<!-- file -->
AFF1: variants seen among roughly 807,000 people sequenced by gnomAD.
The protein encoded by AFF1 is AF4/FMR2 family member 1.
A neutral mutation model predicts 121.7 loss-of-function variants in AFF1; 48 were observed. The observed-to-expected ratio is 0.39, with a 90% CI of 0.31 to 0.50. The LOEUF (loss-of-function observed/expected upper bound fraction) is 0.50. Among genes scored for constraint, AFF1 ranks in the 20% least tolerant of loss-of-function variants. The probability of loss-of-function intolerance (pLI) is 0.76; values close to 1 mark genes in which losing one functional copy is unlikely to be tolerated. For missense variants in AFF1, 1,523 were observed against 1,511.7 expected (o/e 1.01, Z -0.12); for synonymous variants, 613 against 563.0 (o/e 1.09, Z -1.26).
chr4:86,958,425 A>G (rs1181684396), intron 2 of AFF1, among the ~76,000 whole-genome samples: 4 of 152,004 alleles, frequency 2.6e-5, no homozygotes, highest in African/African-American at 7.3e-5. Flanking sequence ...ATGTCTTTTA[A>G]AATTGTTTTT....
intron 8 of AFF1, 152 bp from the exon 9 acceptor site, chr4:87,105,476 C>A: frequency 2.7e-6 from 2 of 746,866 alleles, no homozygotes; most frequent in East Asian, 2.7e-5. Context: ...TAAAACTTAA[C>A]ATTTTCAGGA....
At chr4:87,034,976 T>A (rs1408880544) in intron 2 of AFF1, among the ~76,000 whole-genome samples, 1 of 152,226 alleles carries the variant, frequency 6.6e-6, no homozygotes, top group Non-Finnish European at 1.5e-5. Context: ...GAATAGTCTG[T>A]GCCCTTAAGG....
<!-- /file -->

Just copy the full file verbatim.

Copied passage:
AFF1: variants seen among roughly 807,000 people sequenced by gnomAD.
The protein encoded by AFF1 is AF4/FMR2 family member 1.
A neutral mutation model predicts 121.7 loss-of-function variants in AFF1; 48 were observed. The observed-to-expected ratio is 0.39, with a 90% CI of 0.31 to 0.50. The LOEUF (loss-of-function observed/expected upper bound fraction) is 0.50. Among genes scored for constraint, AFF1 ranks in the 20% least tolerant of loss-of-function variants. The probability of loss-of-function intolerance (pLI) is 0.76; values close to 1 mark genes in which losing one functional copy is unlikely to be tolerated. For missense variants in AFF1, 1,523 were observed against 1,511.7 expected (o/e 1.01, Z -0.12); for synonymous variants, 613 against 563.0 (o/e 1.09, Z -1.26).
chr4:86,958,425 A>G (rs1181684396), intron 2 of AFF1, among the ~76,000 whole-genome samples: 4 of 152,004 alleles, frequency 2.6e-5, no homozygotes, highest in African/African-American at 7.3e-5. Flanking sequence ...ATGTCTTTTA[A>G]AATTGTTTTT....
intron 8 of AFF1, 152 bp from the exon 9 acceptor site, chr4:87,105,476 C>A: frequency 2.7e-6 from 2 of 746,866 alleles, no homozygotes; most frequent in East Asian, 2.7e-5. Context: ...TAAAACTTAA[C>A]ATTTTCAGGA....
At chr4:87,034,976 T>A (rs1408880544) in intron 2 of AFF1, among the ~76,000 whole-genome samples, 1 of 152,226 alleles carries the variant, frequency 6.6e-6, no homozygotes, top group Non-Finnish European at 1.5e-5. Context: ...GAATAGTCTG[T>A]GCCCTTAAGG....